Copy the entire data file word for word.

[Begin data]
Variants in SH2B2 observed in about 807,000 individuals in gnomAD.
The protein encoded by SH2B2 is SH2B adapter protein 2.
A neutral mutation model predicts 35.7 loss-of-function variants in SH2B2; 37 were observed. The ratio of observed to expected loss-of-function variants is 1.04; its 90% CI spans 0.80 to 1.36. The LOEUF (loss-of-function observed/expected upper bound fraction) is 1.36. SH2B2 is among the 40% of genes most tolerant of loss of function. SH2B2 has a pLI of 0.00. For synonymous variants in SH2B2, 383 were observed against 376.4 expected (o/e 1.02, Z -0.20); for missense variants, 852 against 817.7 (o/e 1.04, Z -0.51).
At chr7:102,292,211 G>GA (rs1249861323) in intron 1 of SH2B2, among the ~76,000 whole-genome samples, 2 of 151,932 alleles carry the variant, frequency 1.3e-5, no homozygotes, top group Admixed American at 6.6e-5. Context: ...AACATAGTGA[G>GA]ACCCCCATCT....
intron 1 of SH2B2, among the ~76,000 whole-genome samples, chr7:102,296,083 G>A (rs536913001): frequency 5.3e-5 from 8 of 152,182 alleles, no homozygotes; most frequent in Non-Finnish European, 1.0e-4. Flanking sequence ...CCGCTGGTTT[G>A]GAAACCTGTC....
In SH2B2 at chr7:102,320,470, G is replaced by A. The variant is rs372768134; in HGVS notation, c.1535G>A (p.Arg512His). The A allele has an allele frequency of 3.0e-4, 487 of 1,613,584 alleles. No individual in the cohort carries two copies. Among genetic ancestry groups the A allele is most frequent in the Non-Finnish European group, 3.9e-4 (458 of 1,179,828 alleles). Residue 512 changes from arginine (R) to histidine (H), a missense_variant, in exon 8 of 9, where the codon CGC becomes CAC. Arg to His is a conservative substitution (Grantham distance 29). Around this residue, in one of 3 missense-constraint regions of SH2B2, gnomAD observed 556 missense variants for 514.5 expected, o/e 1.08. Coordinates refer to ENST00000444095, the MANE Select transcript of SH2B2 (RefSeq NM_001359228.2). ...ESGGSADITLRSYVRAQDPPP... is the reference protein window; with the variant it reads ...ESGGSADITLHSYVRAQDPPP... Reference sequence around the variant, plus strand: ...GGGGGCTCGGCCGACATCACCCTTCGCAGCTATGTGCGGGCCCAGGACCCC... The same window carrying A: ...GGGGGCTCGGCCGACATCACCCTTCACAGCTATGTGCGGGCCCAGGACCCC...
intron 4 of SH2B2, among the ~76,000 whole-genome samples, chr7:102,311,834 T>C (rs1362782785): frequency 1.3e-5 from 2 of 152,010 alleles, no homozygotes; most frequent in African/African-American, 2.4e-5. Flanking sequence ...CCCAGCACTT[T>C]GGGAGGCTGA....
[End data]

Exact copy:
Variants in SH2B2 observed in about 807,000 individuals in gnomAD.
The protein encoded by SH2B2 is SH2B adapter protein 2.
A neutral mutation model predicts 35.7 loss-of-function variants in SH2B2; 37 were observed. The ratio of observed to expected loss-of-function variants is 1.04; its 90% CI spans 0.80 to 1.36. The LOEUF (loss-of-function observed/expected upper bound fraction) is 1.36. SH2B2 is among the 40% of genes most tolerant of loss of function. SH2B2 has a pLI of 0.00. For synonymous variants in SH2B2, 383 were observed against 376.4 expected (o/e 1.02, Z -0.20); for missense variants, 852 against 817.7 (o/e 1.04, Z -0.51).
At chr7:102,292,211 G>GA (rs1249861323) in intron 1 of SH2B2, among the ~76,000 whole-genome samples, 2 of 151,932 alleles carry the variant, frequency 1.3e-5, no homozygotes, top group Admixed American at 6.6e-5. Context: ...AACATAGTGA[G>GA]ACCCCCATCT....
intron 1 of SH2B2, among the ~76,000 whole-genome samples, chr7:102,296,083 G>A (rs536913001): frequency 5.3e-5 from 8 of 152,182 alleles, no homozygotes; most frequent in Non-Finnish European, 1.0e-4. Flanking sequence ...CCGCTGGTTT[G>A]GAAACCTGTC....
In SH2B2 at chr7:102,320,470, G is replaced by A. The variant is rs372768134; in HGVS notation, c.1535G>A (p.Arg512His). The A allele has an allele frequency of 3.0e-4, 487 of 1,613,584 alleles. No individual in the cohort carries two copies. Among genetic ancestry groups the A allele is most frequent in the Non-Finnish European group, 3.9e-4 (458 of 1,179,828 alleles). Residue 512 changes from arginine (R) to histidine (H), a missense_variant, in exon 8 of 9, where the codon CGC becomes CAC. Arg to His is a conservative substitution (Grantham distance 29). Around this residue, in one of 3 missense-constraint regions of SH2B2, gnomAD observed 556 missense variants for 514.5 expected, o/e 1.08. Coordinates refer to ENST00000444095, the MANE Select transcript of SH2B2 (RefSeq NM_001359228.2). ...ESGGSADITLRSYVRAQDPPP... is the reference protein window; with the variant it reads ...ESGGSADITLHSYVRAQDPPP... Reference sequence around the variant, plus strand: ...GGGGGCTCGGCCGACATCACCCTTCGCAGCTATGTGCGGGCCCAGGACCCC... The same window carrying A: ...GGGGGCTCGGCCGACATCACCCTTCACAGCTATGTGCGGGCCCAGGACCCC...
intron 4 of SH2B2, among the ~76,000 whole-genome samples, chr7:102,311,834 T>C (rs1362782785): frequency 1.3e-5 from 2 of 152,010 alleles, no homozygotes; most frequent in African/African-American, 2.4e-5. Flanking sequence ...CCCAGCACTT[T>C]GGGAGGCTGA....